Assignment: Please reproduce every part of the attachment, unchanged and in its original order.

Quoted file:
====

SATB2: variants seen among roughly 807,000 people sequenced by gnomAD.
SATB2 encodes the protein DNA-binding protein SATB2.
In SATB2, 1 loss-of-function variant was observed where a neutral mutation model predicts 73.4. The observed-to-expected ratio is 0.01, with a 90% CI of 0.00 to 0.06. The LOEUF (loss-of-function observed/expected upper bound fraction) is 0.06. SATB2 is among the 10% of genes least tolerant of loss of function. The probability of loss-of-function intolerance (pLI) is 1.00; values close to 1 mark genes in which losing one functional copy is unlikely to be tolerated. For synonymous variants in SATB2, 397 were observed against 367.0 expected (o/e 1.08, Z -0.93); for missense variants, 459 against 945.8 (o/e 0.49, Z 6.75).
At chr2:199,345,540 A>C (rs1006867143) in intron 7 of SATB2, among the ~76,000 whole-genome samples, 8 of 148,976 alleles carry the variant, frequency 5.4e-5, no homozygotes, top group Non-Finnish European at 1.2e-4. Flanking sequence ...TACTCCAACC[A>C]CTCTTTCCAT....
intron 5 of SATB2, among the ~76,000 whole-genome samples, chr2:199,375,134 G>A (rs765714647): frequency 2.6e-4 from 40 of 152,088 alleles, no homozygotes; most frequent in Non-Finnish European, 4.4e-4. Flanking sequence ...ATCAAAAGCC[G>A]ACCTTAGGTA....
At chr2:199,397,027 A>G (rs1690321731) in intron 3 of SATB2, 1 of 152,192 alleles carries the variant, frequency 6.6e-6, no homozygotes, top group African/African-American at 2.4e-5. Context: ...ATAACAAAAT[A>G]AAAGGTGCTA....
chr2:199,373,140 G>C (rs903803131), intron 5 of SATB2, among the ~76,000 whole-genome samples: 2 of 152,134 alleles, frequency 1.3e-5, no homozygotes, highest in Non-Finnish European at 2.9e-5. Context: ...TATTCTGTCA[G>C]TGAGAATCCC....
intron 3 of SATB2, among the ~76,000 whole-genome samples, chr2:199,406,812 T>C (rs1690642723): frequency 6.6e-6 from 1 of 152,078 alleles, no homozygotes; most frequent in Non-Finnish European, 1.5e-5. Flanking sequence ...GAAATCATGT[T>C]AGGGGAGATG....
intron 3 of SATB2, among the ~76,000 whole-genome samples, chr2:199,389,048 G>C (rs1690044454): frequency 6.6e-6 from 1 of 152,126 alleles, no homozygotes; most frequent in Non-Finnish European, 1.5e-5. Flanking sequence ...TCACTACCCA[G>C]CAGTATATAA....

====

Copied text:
SATB2: variants seen among roughly 807,000 people sequenced by gnomAD.
SATB2 encodes the protein DNA-binding protein SATB2.
In SATB2, 1 loss-of-function variant was observed where a neutral mutation model predicts 73.4. The observed-to-expected ratio is 0.01, with a 90% CI of 0.00 to 0.06. The LOEUF (loss-of-function observed/expected upper bound fraction) is 0.06. SATB2 is among the 10% of genes least tolerant of loss of function. The probability of loss-of-function intolerance (pLI) is 1.00; values close to 1 mark genes in which losing one functional copy is unlikely to be tolerated. For synonymous variants in SATB2, 397 were observed against 367.0 expected (o/e 1.08, Z -0.93); for missense variants, 459 against 945.8 (o/e 0.49, Z 6.75).
At chr2:199,345,540 A>C (rs1006867143) in intron 7 of SATB2, among the ~76,000 whole-genome samples, 8 of 148,976 alleles carry the variant, frequency 5.4e-5, no homozygotes, top group Non-Finnish European at 1.2e-4. Flanking sequence ...TACTCCAACC[A>C]CTCTTTCCAT....
intron 5 of SATB2, among the ~76,000 whole-genome samples, chr2:199,375,134 G>A (rs765714647): frequency 2.6e-4 from 40 of 152,088 alleles, no homozygotes; most frequent in Non-Finnish European, 4.4e-4. Flanking sequence ...ATCAAAAGCC[G>A]ACCTTAGGTA....
At chr2:199,397,027 A>G (rs1690321731) in intron 3 of SATB2, 1 of 152,192 alleles carries the variant, frequency 6.6e-6, no homozygotes, top group African/African-American at 2.4e-5. Context: ...ATAACAAAAT[A>G]AAAGGTGCTA....
chr2:199,373,140 G>C (rs903803131), intron 5 of SATB2, among the ~76,000 whole-genome samples: 2 of 152,134 alleles, frequency 1.3e-5, no homozygotes, highest in Non-Finnish European at 2.9e-5. Context: ...TATTCTGTCA[G>C]TGAGAATCCC....
intron 3 of SATB2, among the ~76,000 whole-genome samples, chr2:199,406,812 T>C (rs1690642723): frequency 6.6e-6 from 1 of 152,078 alleles, no homozygotes; most frequent in Non-Finnish European, 1.5e-5. Flanking sequence ...GAAATCATGT[T>C]AGGGGAGATG....
intron 3 of SATB2, among the ~76,000 whole-genome samples, chr2:199,389,048 G>C (rs1690044454): frequency 6.6e-6 from 1 of 152,126 alleles, no homozygotes; most frequent in Non-Finnish European, 1.5e-5. Flanking sequence ...TCACTACCCA[G>C]CAGTATATAA....